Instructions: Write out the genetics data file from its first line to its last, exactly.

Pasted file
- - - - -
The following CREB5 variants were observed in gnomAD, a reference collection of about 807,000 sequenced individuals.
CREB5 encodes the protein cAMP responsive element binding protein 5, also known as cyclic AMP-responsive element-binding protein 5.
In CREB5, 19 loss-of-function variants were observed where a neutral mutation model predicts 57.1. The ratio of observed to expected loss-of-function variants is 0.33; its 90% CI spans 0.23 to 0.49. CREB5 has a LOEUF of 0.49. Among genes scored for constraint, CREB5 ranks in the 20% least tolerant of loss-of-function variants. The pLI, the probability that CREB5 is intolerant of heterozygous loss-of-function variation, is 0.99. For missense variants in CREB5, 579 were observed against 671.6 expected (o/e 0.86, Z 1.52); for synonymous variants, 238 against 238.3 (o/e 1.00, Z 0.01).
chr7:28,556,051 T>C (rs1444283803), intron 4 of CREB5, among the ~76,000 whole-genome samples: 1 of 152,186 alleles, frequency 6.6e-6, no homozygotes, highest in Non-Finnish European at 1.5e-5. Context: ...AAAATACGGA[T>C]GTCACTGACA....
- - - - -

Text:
The following CREB5 variants were observed in gnomAD, a reference collection of about 807,000 sequenced individuals.
CREB5 encodes the protein cAMP responsive element binding protein 5, also known as cyclic AMP-responsive element-binding protein 5.
In CREB5, 19 loss-of-function variants were observed where a neutral mutation model predicts 57.1. The ratio of observed to expected loss-of-function variants is 0.33; its 90% CI spans 0.23 to 0.49. CREB5 has a LOEUF of 0.49. Among genes scored for constraint, CREB5 ranks in the 20% least tolerant of loss-of-function variants. The pLI, the probability that CREB5 is intolerant of heterozygous loss-of-function variation, is 0.99. For missense variants in CREB5, 579 were observed against 671.6 expected (o/e 0.86, Z 1.52); for synonymous variants, 238 against 238.3 (o/e 1.00, Z 0.01).
chr7:28,556,051 T>C (rs1444283803), intron 4 of CREB5, among the ~76,000 whole-genome samples: 1 of 152,186 alleles, frequency 6.6e-6, no homozygotes, highest in Non-Finnish European at 1.5e-5. Context: ...AAAATACGGA[T>C]GTCACTGACA....